The Places We Travel From

Two visitors to Angkor Wat will see the same buildings, but find photoworthy completely different things. Two travelers will attend Carnevale, but write completely different accounts. Two passengers will fly the same flight, but one will write the airline a commendation letter, the other a complaint letter.

The origin we’re coming from is equally as important as the destination we’re heading to. 

An Italian Catholic priest and a Senegalese graffiti artist look at the Sistine Chapel ceiling at the same moment; their eyes and their minds are in two different worlds. My stories from Cambodia’s Killing Fields may sound romantic; my stories from Paris, tragic. They’re my stories: they’re not Cambodia’s stories; they’re not Paris’ stories.

There is no travel ‘to’ without a travel ‘from:’

  • The backgrounds we came from: poor, not so poor, almost famous, big city, big country, big headed
  • The jobs we came from: photographer, engineer, journalist, flight attendant, full-time travel writer
  • The lodging we just came from: a Hilton, a hostel, a home, a park bench, a bus station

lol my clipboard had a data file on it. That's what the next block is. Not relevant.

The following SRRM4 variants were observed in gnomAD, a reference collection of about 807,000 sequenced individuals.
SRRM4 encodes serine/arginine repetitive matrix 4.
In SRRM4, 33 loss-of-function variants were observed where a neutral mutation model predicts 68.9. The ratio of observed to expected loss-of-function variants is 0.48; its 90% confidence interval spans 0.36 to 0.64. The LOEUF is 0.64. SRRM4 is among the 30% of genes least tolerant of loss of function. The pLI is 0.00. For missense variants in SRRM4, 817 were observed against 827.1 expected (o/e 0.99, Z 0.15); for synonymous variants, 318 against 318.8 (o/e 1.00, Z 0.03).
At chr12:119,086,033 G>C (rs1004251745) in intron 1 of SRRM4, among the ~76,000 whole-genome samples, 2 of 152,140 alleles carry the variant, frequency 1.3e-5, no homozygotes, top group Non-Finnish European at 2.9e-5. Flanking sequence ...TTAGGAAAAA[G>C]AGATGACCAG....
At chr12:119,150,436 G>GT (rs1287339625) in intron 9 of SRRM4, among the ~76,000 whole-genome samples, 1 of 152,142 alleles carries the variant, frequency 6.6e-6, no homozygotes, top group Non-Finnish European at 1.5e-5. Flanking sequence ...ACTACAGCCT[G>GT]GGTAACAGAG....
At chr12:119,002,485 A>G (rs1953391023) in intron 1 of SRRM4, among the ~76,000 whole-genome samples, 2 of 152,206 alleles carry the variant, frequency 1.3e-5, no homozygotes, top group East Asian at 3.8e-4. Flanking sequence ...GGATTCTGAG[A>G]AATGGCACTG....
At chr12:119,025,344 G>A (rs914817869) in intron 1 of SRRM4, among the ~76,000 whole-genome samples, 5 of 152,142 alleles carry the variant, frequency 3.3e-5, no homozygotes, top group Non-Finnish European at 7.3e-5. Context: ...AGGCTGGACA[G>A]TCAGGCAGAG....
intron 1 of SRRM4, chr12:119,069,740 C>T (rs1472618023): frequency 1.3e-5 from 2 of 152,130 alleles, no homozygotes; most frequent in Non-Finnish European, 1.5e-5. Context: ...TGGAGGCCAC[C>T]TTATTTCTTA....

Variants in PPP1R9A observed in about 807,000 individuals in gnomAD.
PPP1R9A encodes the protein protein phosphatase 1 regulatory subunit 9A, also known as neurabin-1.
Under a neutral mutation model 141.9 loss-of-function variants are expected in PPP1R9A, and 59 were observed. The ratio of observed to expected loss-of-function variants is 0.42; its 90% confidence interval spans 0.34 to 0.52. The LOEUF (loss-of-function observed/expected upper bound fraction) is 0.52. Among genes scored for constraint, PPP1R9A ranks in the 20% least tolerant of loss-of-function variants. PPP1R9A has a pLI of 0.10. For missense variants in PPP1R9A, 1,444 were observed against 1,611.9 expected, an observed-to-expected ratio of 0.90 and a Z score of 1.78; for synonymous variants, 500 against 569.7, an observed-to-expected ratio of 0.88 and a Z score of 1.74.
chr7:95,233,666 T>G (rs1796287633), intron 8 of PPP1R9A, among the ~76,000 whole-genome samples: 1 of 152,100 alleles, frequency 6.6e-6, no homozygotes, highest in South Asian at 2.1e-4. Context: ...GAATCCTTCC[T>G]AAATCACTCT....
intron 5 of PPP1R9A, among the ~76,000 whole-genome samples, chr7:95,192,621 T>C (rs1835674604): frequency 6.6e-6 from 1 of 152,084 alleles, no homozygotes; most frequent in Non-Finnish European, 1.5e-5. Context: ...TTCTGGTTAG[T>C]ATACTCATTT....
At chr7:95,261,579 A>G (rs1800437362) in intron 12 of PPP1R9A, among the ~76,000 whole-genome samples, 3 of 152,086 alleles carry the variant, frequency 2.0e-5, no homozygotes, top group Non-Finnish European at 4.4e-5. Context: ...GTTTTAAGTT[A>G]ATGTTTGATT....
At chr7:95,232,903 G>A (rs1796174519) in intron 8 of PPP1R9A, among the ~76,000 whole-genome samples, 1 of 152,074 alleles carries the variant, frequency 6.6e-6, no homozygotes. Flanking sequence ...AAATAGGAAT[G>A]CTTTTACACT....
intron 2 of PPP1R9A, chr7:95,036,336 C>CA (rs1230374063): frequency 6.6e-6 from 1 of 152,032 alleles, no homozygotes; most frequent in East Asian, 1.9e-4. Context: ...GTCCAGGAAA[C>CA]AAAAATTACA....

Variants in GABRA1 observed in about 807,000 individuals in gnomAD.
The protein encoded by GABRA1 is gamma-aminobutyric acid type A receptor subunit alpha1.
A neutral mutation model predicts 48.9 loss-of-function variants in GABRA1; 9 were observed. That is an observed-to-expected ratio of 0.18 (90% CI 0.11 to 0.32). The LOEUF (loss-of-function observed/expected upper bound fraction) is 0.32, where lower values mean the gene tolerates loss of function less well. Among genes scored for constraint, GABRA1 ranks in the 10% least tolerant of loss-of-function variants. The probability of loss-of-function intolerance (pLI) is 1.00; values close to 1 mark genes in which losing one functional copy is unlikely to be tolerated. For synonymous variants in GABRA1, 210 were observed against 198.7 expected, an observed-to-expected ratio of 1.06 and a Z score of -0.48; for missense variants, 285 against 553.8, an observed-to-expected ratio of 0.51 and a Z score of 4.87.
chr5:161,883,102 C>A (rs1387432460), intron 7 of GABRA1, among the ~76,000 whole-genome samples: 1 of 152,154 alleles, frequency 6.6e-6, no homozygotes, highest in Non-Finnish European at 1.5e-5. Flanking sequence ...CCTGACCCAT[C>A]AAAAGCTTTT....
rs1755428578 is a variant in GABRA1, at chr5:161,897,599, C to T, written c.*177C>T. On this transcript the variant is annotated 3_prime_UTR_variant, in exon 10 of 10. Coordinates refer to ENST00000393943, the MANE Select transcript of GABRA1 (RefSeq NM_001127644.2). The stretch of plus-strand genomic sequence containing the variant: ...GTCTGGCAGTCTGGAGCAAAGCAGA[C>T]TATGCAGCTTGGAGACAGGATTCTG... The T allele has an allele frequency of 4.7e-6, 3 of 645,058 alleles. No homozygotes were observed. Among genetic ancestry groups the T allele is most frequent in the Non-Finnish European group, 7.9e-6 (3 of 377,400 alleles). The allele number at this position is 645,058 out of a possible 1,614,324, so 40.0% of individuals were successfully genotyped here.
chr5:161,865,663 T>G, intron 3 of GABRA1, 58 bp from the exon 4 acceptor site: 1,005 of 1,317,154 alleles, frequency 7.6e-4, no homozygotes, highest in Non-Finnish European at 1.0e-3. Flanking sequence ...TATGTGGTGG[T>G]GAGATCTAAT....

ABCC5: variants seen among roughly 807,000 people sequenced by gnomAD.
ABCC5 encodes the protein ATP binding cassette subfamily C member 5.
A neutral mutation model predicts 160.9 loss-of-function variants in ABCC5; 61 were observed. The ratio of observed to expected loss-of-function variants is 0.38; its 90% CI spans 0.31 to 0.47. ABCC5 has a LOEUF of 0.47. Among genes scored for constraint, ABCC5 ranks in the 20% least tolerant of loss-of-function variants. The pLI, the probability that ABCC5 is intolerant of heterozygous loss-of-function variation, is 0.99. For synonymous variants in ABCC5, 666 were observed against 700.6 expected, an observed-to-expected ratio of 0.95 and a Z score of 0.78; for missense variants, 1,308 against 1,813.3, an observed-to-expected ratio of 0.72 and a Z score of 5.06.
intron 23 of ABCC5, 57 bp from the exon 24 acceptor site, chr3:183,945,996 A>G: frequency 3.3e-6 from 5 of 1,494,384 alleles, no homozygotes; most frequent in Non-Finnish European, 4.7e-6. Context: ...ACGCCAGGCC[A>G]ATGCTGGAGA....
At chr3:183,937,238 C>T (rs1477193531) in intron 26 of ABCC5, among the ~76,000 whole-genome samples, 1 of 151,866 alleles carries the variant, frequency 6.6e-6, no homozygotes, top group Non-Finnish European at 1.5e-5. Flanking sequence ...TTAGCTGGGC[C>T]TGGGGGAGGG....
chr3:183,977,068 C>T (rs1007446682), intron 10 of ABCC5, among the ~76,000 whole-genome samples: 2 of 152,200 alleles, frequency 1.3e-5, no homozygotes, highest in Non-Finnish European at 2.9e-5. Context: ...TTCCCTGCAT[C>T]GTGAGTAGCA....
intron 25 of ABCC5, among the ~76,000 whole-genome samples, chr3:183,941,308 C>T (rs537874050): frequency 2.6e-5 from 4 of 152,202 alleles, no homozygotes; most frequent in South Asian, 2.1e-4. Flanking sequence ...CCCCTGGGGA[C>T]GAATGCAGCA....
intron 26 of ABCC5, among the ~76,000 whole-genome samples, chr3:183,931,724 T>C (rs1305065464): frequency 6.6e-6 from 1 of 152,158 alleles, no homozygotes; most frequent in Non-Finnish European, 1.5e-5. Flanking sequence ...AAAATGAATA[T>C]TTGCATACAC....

Some people see things in black and white: Angkor Wat, Cambodia
Some people see things in color: Angkor Wat, Cambodia
Some people focus on other people: Angkor Wat, Cambodia
Some people focus on themselves: Angkor Wat, Cambodia
Some people focus on what’s above them: Angkor Wat, Cambodia

“The question you need to ask travel writers isn’t ‘where did you go to,’ but ‘where did you start from.’ Observations of abroad often tell you more about the observer and his culture than the people and place he’s commenting on.”  –A.A. Gill, AA Gill is Away (2003)

Above photos (from top to bottom) by: Ralph Combs, Mike Behnken, Trey Ratcliff, LifeIsAnArtForm, and Medhak

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